Can Virginia extend regular-season success into the postseason?

Virginia has enjoyed plenty of regular-season success under coach Tony Bennett in recent years, but when will that success translate into a deep run in March?
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The college basketball off-season is long and largely lacking in major news developments. Programs are still finalizing their 2017 recruiting classes and sorting out which of their players will return for another season or jump to the professional ranks. We’ve got a long way to go until Midnight Madness. To help pass the time, is asking and answering three key questions about each of the teams in our Way-Too-Early Top 25. Here’s No. 18, Virginia.

1. How does Virginia build a team with some tourney staying power?

Tony Bennett's team has been one of the more disappointing when it comes to NCAA tournament play the past few springs. Over the previous four seasons, Virginia has averaged 28 wins, but it has only made it to the Elite Eight once. While that record is by no means shabby—making the NCAAs four straight years is nothing to discount—the Hoos have had trouble extending their remarkable success in the ACC into the postseason in recent years. This March, as Ken Pomeroy's No. 10 team entering March Madness, they got stomped by Florida, 65-39, in the round of 32. For a No. 5 seed (Virginia) against a No. 4 (Florida), that's not exactly a score anyone would predict, and Virginia needs to prove it's more than just a fun regular-season team bound to disappoint come tourney time. There's no simple solution to these early exits. If there were, Bennett would have figured it out by now.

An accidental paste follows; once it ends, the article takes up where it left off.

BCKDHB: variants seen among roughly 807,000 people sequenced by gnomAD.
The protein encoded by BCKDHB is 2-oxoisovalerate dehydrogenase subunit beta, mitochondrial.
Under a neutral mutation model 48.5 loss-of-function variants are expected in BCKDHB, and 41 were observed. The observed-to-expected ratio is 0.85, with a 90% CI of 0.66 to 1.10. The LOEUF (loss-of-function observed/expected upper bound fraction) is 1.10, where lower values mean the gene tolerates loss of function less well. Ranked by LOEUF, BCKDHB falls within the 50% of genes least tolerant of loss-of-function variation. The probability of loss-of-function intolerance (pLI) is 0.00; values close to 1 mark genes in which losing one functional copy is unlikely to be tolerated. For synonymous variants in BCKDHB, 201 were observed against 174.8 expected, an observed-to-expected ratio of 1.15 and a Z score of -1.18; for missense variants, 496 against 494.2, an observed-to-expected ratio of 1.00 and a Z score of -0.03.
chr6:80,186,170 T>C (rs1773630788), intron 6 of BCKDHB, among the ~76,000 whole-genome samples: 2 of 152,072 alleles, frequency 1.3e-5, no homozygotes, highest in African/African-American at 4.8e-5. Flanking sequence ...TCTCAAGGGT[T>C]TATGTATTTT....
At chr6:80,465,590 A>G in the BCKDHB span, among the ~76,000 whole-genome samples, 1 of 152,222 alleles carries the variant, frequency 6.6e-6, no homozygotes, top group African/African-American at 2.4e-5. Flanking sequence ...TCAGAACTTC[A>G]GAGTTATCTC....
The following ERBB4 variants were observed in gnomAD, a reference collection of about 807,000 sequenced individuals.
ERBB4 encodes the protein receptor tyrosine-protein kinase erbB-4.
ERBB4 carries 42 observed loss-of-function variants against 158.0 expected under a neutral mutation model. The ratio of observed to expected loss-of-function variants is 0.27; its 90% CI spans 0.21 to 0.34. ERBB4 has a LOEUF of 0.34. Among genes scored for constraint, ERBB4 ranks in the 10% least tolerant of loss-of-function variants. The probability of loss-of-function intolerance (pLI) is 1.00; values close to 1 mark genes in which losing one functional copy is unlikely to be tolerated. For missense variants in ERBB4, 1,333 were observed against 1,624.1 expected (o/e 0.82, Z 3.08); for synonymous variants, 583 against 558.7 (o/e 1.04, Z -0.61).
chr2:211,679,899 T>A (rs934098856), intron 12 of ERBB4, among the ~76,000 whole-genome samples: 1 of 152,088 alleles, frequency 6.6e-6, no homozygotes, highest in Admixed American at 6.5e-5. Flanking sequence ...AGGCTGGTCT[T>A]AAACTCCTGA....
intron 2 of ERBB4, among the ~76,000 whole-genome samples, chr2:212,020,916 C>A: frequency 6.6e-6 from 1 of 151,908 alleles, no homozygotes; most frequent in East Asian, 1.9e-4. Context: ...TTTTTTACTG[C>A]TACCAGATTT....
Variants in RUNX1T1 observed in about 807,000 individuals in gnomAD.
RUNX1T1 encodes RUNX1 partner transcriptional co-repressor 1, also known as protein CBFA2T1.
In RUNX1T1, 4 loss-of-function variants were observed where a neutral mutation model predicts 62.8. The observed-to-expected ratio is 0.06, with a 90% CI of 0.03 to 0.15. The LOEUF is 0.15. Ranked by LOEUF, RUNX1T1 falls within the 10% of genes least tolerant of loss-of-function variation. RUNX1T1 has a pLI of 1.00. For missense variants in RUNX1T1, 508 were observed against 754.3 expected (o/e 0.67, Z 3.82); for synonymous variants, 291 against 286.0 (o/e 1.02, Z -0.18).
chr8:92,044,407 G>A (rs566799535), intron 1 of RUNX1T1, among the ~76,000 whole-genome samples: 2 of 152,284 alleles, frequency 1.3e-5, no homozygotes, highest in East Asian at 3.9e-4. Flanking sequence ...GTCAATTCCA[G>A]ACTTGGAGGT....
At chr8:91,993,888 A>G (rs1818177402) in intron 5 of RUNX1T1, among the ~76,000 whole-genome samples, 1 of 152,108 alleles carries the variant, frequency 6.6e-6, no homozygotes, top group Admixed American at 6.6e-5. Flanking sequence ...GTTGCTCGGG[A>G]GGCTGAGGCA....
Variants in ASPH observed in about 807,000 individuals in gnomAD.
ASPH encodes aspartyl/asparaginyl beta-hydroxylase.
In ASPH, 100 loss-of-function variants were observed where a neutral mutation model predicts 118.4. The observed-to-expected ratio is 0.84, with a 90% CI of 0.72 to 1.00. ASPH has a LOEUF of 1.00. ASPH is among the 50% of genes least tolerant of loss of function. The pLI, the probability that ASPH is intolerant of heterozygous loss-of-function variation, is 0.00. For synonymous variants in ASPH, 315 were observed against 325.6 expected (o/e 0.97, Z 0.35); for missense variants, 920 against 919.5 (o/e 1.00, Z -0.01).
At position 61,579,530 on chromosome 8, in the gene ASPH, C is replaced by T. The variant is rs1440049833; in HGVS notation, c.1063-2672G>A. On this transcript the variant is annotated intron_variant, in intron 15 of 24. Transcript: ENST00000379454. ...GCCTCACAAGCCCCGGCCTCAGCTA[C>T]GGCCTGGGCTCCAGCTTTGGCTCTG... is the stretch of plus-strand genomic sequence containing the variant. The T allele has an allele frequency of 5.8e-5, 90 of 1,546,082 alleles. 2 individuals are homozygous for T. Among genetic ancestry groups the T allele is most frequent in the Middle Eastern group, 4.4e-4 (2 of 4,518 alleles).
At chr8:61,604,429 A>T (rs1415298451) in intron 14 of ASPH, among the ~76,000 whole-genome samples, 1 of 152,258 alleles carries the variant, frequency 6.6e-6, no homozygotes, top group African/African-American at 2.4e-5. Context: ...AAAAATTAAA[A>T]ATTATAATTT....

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2. Is Virginia in trouble after announcing a wave of transfers in late March?

The Hoos looked to bring back most of their 2016-17 roster—until the end of March, when word got out that along with forward Austin Nichols’s departure to the NBA draft, Virginia also would lose guards Darius Thompson and Marial Shayok and forward Jarred Reuter to transfer. While Nichols accounted for just 16 minutes of in-game action last season, the news of the three transfers will hit Virginia hard. Shayok and Johnson both averaged more than 20 minutes per game, Reuter just more than 10, and Shayok was the Hoos' second-leading scorer.

Now, Virginia brings back only six players who saw significant time on the court last year, and it has open scholarships to fill at a late date. Whether it fills all four is inconsequential—three would be fine—but it's more a question of who the team can snag, be it a transfer, graduate transfer or undecided high school senior. This will be a much younger and less experienced roster than Bennett must have imagined a month ago, and while there's still plenty of talent to work with, the transfers complicate matters going into the fall.

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3. What impact will Nigel Johnson have?

Here's a piece of good news for Virginia fans: Johnson, a Rutgers graduate transfer, committed to Virginia on April 10, snagging one of those open scholarships. Johnson, a point guard, will fill a gaping hole in the Hoos' backcourt, which lost Shayok and Thompson to transfer and leading scorer London Perrantes to graduation.

Johnson has had a well-traveled career, starting off at Kansas State before transferring to Rutgers and now Virginia. Last year for the Scarlet Knights, he averaged 11.3 points and 2.0 assists, starting 13 games and coming up big in the Big Ten tournament. As for his impact at Virginia, it'll be necessary, if not easy for him to grasp a quick foothold. Bennett's defense-first system is one of the tougher to grasp in college hoops, and with just one year left to play, Johnson has a lot to learn fast.